Where does one begin in his search to understand God? May I suggest a starting point: Begin with a proper understanding of the term “God.” The word “God” is not a name like Peter, David, Barnabas, or other human names. The Hebrew word for “God” — “Elohim” — is a plural term referring to more than one being. The scriptures clearly show this plural aspect of the term.
In Genesis 1.26, when describing the creation of man, Moses wrote, “And God said, ‘Let us make man in our image, after ur likeness.’” These plural pronouns refer to more than one being. After man sinned, Moses again wrote in Genesis 3.22, “Behold, the man is become as one of us.” After the flood, when the descendants of Noah attempted to build a tower to reach heaven, God, in displeasure, stopped the efforts by confounding their language. Moses wrote in Genesis 11.7 that God said, “Come let us go down.” The prophet Isaiah, when commissioned to go preach, recorded in Isaiah 6.8 that he “heard the voice of the Lord, saying, ‘Who will go for us?’”
Who are the plurality of beings that are God? The Bible mentions three: The Father, the Word, who became flesh and thereafter was the Son (cf. John 1.1-3; Philippians 2.5-10), and the Holy Spirit. These three beings are whom the apostle Paul referred to as the “Godhead.’ The term “Godhead” is found three times in scripture:
- Acts 17.29 — “We ought not to think that the Godhead is like unto gold, silver, or stone, graven by art and device of man.”
- Romans 1.20 — “For the invisible things of him since the creation of the world are clearly seen, being perceived through the things that are made, even his everlasting power and divinity” (ASV, “Godhead” (KJV)).
- Colossians 2.9 — “For in him (Jesus) dwelleth all the fulness of the Godhead bodily.”
We see from this a clear connection between the creation and the Godhead. From Romans 1.20, we see tat the term “Godhead” is referring to the divine nature or divinity of God. A divine being is not bound or limited as human beings are. The three entities who comprise the Godhead have neither beginning nor end and, as such, are eternal in nature. This is seen from God’s interrogation of Job in Job 38-39.
All three beings were involved in creation:
- The Word (Psalm 104.5-9; John 1.1-3; Colossians 1.16-17; Hebrews 1.2; 2.10; 2 Peter 3.5-6; Revelation 4.11)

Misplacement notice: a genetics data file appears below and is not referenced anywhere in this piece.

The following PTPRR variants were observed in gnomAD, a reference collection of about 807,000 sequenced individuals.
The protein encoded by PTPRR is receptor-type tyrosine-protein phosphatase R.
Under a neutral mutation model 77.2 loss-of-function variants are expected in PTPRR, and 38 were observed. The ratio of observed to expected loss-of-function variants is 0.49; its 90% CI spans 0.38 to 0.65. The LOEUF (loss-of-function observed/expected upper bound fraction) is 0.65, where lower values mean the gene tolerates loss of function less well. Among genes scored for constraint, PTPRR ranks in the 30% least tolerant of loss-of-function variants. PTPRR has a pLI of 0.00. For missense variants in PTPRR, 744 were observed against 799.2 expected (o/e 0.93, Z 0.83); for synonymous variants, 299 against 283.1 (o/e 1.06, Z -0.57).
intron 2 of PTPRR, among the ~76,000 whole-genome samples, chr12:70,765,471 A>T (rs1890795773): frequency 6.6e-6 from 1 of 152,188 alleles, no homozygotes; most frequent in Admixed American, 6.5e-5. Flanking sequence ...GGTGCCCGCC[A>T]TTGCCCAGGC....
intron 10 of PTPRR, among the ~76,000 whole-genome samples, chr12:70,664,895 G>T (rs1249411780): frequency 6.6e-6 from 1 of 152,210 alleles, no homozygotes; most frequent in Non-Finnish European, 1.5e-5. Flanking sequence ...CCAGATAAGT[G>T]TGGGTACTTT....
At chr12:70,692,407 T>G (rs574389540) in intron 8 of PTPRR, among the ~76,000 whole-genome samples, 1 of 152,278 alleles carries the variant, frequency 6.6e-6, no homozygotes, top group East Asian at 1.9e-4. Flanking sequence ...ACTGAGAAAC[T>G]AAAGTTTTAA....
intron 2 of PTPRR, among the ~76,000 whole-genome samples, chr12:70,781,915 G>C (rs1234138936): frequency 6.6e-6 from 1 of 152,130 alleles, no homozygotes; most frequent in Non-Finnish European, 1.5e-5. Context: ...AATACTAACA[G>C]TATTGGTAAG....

- The Spirit (Genesis 1.2; Job 26.13; 27.3; 32.8; 33.4; Psalm 33.6; Isaiah 42.5)
- The Father (Acts 14.15; 17.24)
John wrote of the eternal nature of the Father and the Son in 1 John 1.1-2 (cf. John 1.3; Ephesians 3.9; Colossians 1.12-17). We read of the eternal nature of the Spirit from Genesis 1.2 and Psalm 139.7-10.
Understanding how several individual, divine beings comprise but one Deity is no different from understanding how several individual human beings comprise but one humanity.
As the tern “humanity” refers to a plurality of human beings, so the term “God” refers to a plurality of divine beings.
In the Old Testament, we don’t read of the Father, Son, and Holy Spirit. Rather, we read of “Jehovah,” “God,” “Lord,” or “Lord God.” The reason is simple: the “Word” had not yet become furled. However, in the New Testament, the word “God” may refer to all three beings, or only the Father (cf. Philippians 2.5 with Philippians 2.10; see also 2 Corinthians 13.14). The context will determine this. After “the Word became flesh,” the terms “Son” and “Father” were prominent Jesus often referred to his “Father in heaven” (cf. Matthew 15.13; 16.17,27; 18.10). All three (Father, Son, Holy Spirit) are mentioned in the following scriptures: Matthew 28.19; John 14.26; 15.26; Acts 2.33-34; Hebrews 9.14; 1 Peter 1.2.
We are told in 2 Timothy 3.16 that “all scripture is inspired by God.” We read in Hebrews 1.1 that “God spoke to our fathers by the prophets.” Yet we find in 2 Peter 1.20-21 that men spoke from God, being moved by the Holy Spirit. In 1 Peter 1.10-11, Peter stated that the Spirit of Christ was in the prophets.
Let us remember: “If the Spirit of him that raised up Jesus from the dead dwelleth in you, he that raised up Christ Jesus from the dead shall give life also to your mortal bodies through his Spirit’ (Romans 8.11).